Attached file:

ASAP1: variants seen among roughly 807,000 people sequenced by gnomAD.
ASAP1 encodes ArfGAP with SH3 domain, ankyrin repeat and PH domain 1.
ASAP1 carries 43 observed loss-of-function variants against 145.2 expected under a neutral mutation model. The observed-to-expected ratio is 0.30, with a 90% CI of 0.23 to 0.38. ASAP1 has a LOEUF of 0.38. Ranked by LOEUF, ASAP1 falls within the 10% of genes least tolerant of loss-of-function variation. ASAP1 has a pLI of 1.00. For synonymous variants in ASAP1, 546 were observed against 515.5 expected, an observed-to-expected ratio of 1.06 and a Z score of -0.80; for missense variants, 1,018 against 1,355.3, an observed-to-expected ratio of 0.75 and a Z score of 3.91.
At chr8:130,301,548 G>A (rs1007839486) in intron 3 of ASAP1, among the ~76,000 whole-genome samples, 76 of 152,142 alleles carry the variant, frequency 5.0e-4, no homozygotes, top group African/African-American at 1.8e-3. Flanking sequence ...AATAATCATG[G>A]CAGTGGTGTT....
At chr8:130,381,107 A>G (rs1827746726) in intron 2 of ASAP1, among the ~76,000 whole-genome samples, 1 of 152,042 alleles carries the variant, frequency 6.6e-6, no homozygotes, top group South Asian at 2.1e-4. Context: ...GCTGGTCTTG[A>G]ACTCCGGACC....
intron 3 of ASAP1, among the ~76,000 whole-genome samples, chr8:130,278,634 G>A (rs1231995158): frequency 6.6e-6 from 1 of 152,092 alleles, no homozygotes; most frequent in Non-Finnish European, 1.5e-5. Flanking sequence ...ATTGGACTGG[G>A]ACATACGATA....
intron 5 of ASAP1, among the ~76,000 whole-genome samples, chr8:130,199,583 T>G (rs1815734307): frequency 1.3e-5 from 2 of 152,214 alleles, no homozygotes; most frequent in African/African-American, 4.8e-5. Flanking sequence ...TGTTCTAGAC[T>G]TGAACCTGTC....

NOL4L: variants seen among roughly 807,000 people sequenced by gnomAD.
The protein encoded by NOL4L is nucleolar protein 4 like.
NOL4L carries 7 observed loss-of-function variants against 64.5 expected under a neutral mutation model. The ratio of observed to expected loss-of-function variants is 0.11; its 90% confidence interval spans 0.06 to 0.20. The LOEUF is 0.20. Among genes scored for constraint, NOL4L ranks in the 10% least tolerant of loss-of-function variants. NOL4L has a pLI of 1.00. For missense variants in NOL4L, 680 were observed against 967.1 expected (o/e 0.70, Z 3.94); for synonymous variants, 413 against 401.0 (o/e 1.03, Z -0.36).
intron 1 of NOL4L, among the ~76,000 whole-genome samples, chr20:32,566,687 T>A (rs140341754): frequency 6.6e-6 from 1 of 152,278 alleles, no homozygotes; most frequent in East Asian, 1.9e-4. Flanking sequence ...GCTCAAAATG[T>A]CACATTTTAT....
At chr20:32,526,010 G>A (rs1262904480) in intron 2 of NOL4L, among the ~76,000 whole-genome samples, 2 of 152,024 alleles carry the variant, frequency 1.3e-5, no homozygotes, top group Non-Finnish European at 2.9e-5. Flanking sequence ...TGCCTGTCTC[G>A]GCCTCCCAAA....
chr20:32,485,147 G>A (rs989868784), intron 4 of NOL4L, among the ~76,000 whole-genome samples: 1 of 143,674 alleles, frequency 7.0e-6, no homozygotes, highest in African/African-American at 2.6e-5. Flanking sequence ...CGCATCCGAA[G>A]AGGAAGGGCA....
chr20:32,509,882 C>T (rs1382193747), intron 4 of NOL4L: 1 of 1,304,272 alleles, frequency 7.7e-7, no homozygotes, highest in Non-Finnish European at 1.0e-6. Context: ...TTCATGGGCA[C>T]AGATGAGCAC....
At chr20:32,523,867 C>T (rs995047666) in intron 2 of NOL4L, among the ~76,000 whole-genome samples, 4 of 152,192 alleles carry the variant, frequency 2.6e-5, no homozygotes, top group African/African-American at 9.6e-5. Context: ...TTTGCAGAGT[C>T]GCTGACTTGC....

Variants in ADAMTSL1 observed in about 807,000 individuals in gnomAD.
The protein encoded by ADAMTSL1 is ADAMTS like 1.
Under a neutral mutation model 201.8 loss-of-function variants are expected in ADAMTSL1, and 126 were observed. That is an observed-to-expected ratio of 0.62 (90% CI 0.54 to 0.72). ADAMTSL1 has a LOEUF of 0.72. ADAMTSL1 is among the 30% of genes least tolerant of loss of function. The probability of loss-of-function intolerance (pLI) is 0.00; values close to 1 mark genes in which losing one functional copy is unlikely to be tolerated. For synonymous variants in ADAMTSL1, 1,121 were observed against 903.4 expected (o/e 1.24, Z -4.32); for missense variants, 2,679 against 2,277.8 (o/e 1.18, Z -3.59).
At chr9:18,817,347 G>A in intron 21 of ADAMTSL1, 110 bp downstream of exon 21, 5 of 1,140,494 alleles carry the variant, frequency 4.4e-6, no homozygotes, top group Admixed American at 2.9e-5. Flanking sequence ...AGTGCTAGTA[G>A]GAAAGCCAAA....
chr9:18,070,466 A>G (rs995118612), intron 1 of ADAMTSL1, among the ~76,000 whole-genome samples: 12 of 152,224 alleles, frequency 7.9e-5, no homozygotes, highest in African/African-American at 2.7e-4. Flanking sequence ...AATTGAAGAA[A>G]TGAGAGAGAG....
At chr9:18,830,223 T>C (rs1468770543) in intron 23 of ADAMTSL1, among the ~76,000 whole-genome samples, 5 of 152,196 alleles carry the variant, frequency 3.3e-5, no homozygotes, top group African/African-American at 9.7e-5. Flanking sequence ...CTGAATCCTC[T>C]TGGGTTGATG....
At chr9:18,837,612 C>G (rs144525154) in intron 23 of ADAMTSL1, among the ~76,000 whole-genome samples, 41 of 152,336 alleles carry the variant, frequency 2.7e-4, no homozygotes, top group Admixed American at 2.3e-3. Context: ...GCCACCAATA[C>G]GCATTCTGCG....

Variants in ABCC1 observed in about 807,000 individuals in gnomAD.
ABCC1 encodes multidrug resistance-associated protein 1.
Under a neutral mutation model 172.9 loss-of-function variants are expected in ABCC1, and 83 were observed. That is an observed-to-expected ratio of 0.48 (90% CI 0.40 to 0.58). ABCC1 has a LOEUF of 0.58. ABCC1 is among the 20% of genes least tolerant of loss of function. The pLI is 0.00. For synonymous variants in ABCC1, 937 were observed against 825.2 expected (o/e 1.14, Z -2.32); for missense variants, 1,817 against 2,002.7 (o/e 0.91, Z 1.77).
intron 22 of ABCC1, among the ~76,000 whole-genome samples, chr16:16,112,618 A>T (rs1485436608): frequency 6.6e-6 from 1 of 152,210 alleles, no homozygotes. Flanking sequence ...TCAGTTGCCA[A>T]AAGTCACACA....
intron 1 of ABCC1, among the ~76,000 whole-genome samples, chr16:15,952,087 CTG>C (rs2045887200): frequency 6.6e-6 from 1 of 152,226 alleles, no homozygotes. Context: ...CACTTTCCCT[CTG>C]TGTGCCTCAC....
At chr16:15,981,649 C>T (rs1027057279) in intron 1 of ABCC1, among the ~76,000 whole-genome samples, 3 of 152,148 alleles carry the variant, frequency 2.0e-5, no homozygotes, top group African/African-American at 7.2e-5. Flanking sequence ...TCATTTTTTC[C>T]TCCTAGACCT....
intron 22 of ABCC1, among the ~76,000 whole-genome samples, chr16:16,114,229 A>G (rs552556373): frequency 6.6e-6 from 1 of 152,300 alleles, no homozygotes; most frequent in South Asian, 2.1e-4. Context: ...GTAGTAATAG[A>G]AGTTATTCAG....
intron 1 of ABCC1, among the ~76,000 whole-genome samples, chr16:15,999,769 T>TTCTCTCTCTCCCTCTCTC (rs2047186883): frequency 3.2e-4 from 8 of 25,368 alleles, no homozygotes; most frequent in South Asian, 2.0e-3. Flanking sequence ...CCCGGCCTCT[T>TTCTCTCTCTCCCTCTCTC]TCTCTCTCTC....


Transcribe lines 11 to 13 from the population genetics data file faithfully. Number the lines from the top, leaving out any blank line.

intron 1 of NOL4L, among the ~76,000 whole-genome samples, chr20:32,566,687 T>A (rs140341754): frequency 6.6e-6 from 1 of 152,278 alleles, no homozygotes; most frequent in East Asian, 1.9e-4. Flanking sequence ...GCTCAAAATG[T>A]CACATTTTAT....
At chr20:32,526,010 G>A (rs1262904480) in intron 2 of NOL4L, among the ~76,000 whole-genome samples, 2 of 152,024 alleles carry the variant, frequency 1.3e-5, no homozygotes, top group Non-Finnish European at 2.9e-5. Flanking sequence ...TGCCTGTCTC[G>A]GCCTCCCAAA....
chr20:32,485,147 G>A (rs989868784), intron 4 of NOL4L, among the ~76,000 whole-genome samples: 1 of 143,674 alleles, frequency 7.0e-6, no homozygotes, highest in African/African-American at 2.6e-5. Flanking sequence ...CGCATCCGAA[G>A]AGGAAGGGCA....